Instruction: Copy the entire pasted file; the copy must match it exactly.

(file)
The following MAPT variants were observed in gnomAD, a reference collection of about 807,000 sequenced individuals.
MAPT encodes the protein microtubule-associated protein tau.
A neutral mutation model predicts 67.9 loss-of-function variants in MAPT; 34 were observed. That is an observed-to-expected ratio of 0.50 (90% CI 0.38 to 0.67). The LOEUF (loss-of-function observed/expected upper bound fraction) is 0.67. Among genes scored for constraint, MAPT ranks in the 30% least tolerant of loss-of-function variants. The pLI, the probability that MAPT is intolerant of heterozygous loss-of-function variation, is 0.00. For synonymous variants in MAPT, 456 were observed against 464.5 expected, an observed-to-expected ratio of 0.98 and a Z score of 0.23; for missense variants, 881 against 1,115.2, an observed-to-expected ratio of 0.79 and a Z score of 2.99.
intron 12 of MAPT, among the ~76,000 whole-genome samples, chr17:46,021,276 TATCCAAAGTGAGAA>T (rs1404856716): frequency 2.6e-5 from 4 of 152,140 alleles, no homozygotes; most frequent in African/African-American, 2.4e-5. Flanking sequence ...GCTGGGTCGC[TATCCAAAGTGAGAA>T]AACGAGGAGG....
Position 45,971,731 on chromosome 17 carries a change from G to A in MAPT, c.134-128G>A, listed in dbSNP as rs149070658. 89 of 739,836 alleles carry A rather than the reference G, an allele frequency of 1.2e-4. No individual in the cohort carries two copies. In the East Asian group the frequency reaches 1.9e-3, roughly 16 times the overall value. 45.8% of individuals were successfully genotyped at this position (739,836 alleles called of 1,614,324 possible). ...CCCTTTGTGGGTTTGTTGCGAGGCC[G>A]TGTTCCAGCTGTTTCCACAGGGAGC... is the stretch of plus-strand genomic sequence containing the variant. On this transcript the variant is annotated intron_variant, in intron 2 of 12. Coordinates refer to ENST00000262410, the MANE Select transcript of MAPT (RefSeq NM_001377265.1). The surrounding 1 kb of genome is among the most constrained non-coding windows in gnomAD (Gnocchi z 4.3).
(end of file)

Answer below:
The following MAPT variants were observed in gnomAD, a reference collection of about 807,000 sequenced individuals.
MAPT encodes the protein microtubule-associated protein tau.
A neutral mutation model predicts 67.9 loss-of-function variants in MAPT; 34 were observed. That is an observed-to-expected ratio of 0.50 (90% CI 0.38 to 0.67). The LOEUF (loss-of-function observed/expected upper bound fraction) is 0.67. Among genes scored for constraint, MAPT ranks in the 30% least tolerant of loss-of-function variants. The pLI, the probability that MAPT is intolerant of heterozygous loss-of-function variation, is 0.00. For synonymous variants in MAPT, 456 were observed against 464.5 expected, an observed-to-expected ratio of 0.98 and a Z score of 0.23; for missense variants, 881 against 1,115.2, an observed-to-expected ratio of 0.79 and a Z score of 2.99.
intron 12 of MAPT, among the ~76,000 whole-genome samples, chr17:46,021,276 TATCCAAAGTGAGAA>T (rs1404856716): frequency 2.6e-5 from 4 of 152,140 alleles, no homozygotes; most frequent in African/African-American, 2.4e-5. Flanking sequence ...GCTGGGTCGC[TATCCAAAGTGAGAA>T]AACGAGGAGG....
Position 45,971,731 on chromosome 17 carries a change from G to A in MAPT, c.134-128G>A, listed in dbSNP as rs149070658. 89 of 739,836 alleles carry A rather than the reference G, an allele frequency of 1.2e-4. No individual in the cohort carries two copies. In the East Asian group the frequency reaches 1.9e-3, roughly 16 times the overall value. 45.8% of individuals were successfully genotyped at this position (739,836 alleles called of 1,614,324 possible). ...CCCTTTGTGGGTTTGTTGCGAGGCC[G>A]TGTTCCAGCTGTTTCCACAGGGAGC... is the stretch of plus-strand genomic sequence containing the variant. On this transcript the variant is annotated intron_variant, in intron 2 of 12. Coordinates refer to ENST00000262410, the MANE Select transcript of MAPT (RefSeq NM_001377265.1). The surrounding 1 kb of genome is among the most constrained non-coding windows in gnomAD (Gnocchi z 4.3).